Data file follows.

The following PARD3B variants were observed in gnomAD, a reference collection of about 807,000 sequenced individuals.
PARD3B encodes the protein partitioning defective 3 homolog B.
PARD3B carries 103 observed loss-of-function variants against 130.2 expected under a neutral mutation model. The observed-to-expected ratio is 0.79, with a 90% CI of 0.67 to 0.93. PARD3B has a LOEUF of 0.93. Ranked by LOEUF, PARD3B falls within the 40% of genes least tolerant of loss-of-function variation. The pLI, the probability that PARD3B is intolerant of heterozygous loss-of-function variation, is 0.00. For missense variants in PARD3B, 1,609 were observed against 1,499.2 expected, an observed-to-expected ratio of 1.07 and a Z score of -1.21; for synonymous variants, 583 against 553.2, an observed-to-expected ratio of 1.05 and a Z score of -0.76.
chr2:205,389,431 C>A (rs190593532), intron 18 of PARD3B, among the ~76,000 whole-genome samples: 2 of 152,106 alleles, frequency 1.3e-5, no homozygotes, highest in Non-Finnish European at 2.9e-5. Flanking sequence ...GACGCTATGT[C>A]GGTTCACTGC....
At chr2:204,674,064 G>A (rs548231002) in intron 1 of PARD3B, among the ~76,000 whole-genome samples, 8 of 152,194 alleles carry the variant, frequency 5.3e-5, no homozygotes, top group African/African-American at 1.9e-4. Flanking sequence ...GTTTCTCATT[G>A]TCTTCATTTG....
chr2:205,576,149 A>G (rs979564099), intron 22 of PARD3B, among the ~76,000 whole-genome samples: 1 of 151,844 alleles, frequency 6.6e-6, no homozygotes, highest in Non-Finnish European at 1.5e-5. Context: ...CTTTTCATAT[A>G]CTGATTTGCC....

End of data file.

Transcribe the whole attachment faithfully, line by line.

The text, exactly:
The following PARD3B variants were observed in gnomAD, a reference collection of about 807,000 sequenced individuals.
PARD3B encodes the protein partitioning defective 3 homolog B.
PARD3B carries 103 observed loss-of-function variants against 130.2 expected under a neutral mutation model. The observed-to-expected ratio is 0.79, with a 90% CI of 0.67 to 0.93. PARD3B has a LOEUF of 0.93. Ranked by LOEUF, PARD3B falls within the 40% of genes least tolerant of loss-of-function variation. The pLI, the probability that PARD3B is intolerant of heterozygous loss-of-function variation, is 0.00. For missense variants in PARD3B, 1,609 were observed against 1,499.2 expected, an observed-to-expected ratio of 1.07 and a Z score of -1.21; for synonymous variants, 583 against 553.2, an observed-to-expected ratio of 1.05 and a Z score of -0.76.
chr2:205,389,431 C>A (rs190593532), intron 18 of PARD3B, among the ~76,000 whole-genome samples: 2 of 152,106 alleles, frequency 1.3e-5, no homozygotes, highest in Non-Finnish European at 2.9e-5. Flanking sequence ...GACGCTATGT[C>A]GGTTCACTGC....
At chr2:204,674,064 G>A (rs548231002) in intron 1 of PARD3B, among the ~76,000 whole-genome samples, 8 of 152,194 alleles carry the variant, frequency 5.3e-5, no homozygotes, top group African/African-American at 1.9e-4. Flanking sequence ...GTTTCTCATT[G>A]TCTTCATTTG....
chr2:205,576,149 A>G (rs979564099), intron 22 of PARD3B, among the ~76,000 whole-genome samples: 1 of 151,844 alleles, frequency 6.6e-6, no homozygotes, highest in Non-Finnish European at 1.5e-5. Context: ...CTTTTCATAT[A>G]CTGATTTGCC....